How India Has Crossed WHO Levels In C-Section Deliveries

Crossed WHO Levels In C-Section Deliveries

Image: iStock

India has been witnessing an increase in Caesarean Sections in recent years. Between 1992-93, the rate of CS births in India was 3% which rose to 10% in 2005-06. While this rate is lower than other developing nations like China, or Brazil, considering that India is the second most populous country in the world, an increase in small percentage has a large effect.

As per the WHO guidelines, the recommended a 5-15% range of CS is acceptable, which is in light of the optimum rate being unknown, and the onus is on a specific region to ascertain its CS limits. The recommended range also means that anything below 5% would mean there are many women who have no access to obstetric surgical care while a rate higher than 15% means there is an over-utilization of CS for reasons other than life-saving emergencies. In fact, the WHO considers the proportion of CS to the total births as an important indicator of emergency obstetric care.

While the national CS rate may not seem alarming, at a regional level it becomes a cause for concern. Privatization of hospital services has also contributed to the rise in CS rates. The CS birth rates of six Indian states are above 20% points. It has been found that at least one in two women in Andhra Pradesh and West Bengal opts for a CS delivery at a private healthcare institution; which is a higher ratio than in Brazil or Turkey. The high CS rates are indicators of unnecessary medical intervention at private medical institutions and a source of profit for doctors and the institutions. On the other hand, the CS rates in government institutions are close to an above 15%. Further details in the table below:

Rate of caesarean delivery to total institutional birth in large states of India, 2007-08

State/CountryPercentage of women* who have experienced CS
Public institutionPrivate InstitutionDifference between private and Public institution
India1228.116.1
Jammu & Kashmir25.936.310.4
Punjab18.624.25.6
Haryana1423.89.8
Delhi15.227.612.4
Rajasthan5.21711.8
Uttar Pradesh9.422.813.4
Bihar3.820.917.1
Assam10.540.530
West Bengal15.955.639.7
Orissa15.135.420.3
Madhya Pradesh4.629.324.7
Gujarat7.717.39.6
Maharashtra10.720.59.8
Andhra Pradesh20.550.229.7
Karnataka15.227.512.3
Kerala27.834.26.4
Tamil Nadu1535.320

Percentage distribution of caesarean section delivery by place of residence – India and its states, 2007-08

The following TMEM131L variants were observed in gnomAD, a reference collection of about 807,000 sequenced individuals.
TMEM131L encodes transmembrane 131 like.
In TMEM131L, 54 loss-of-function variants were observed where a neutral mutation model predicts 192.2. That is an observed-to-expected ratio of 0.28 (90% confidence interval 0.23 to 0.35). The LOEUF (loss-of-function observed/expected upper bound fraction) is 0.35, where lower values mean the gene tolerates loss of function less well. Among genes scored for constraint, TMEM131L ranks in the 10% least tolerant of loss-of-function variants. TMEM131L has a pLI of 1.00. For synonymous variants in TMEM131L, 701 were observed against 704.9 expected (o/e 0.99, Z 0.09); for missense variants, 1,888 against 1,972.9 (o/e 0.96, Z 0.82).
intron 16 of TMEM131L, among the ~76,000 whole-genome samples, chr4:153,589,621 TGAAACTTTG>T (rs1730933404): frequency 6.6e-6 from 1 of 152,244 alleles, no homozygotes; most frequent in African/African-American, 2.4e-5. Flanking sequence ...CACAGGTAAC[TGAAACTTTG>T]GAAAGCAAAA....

States/CountryPercentage of women who have caesarean delivery among women who had given birth since 01.01.04Difference between urban & rural (U-R)
Total number of women
TotalRural (R )Urban (U)
India9.26.216.810.6217997
Jammu & Kashmir15.811.634.522.95238
Himachal Pradesh10.29.415.15.72594
Punjab14.612.617.75.15378
Uttaranchal5.13.511.78.24155
Haryana10.28.912.63.76857
Delhi14.211.314.332502
Rajasthan4.22.68.45.812573
Uttar Pradesh53.59.76.238208
Bihar4.43.49.86.421633
Sikkim9.78.925.716.81450
Arunachal Pradesh3.83.162.93256
Manipur8.34.918.713.83586
Mizoram4.62.47.85.42959
Tripura8.75.734.628.91553
Meghalaya3.32.68.35.73139
Assam6.94.620.115.510089
West Bengal12.88.629.320.76528
Jharkhand4.22.71310.311474
Orissa10.48.618.910.37786
Chhattisgarh6.23.415.912.56233
Madhya Pradesh4.92.311.18.816111
Gujarat8.15.714.58.87603
Maharashtra10.47.317.410.110429
Andhra Pradesh29.322.339.216.95181
Karnataka14.211.319.58.27738
Goa27.52230.18.1407
Kerala31.830.134.74.63335
Tamil Nadu23.219.227.78.56561
Jharkhand4.22.71310.311474
Orissa10.48.618.910.37786
Chhattisgarh6.23.415.912.56233
Madhya Pradesh4.92.311.18.816111
Gujarat8.15.714.58.87603
Maharashtra10.47.317.410.110429
Andhra Pradesh29.322.339.216.95181
Karnataka14.211.319.58.27738
Goa27.52230.18.1407
Kerala31.830.134.74.63335
Tamil Nadu23.219.227.78.56561

Spatial Variation in Caesarean Section Delivery in India, 2007-08

Spatial Variation in Caesarean Section Delivery in India

Source: iussp.org

 

Some of the factors that might lead to high CS rates in India could be:

  1. The extreme shortfall of Obstetricians and anesthetists.
  2. Means to generate profits at private institutions.
  3. Post graduate students of obstetrics or anesthetics could unnecessarily perform CS.
  4. In India, doctors see CS as a way to avoid litigation unlike in the west where midwives are responsible for normal deliveries. In India, due to the large population, the midwife to population ratio is very low, and the doctor is held accountable for deliveries.
  5. Most institutions lack the infrastructure such as skilled neonatal intensive care, electronic fetal monitoring system, blood transfusion facility, etc. for normal deliveries.
  6. There is also an increase in demand from women of educated class who want to avoid labor pains. In India facilities for painless deliveries are rare.
  7. Indians also consider astrological significance in electing the day when a child must be delivered.
  8. It is also likely that medical students who pay enormous fees to private medical institutions could resort to CS deliveries to recover the fees.
  9. The total health expenditure of the Indian government towards health sector much lower lower than countries in the west.
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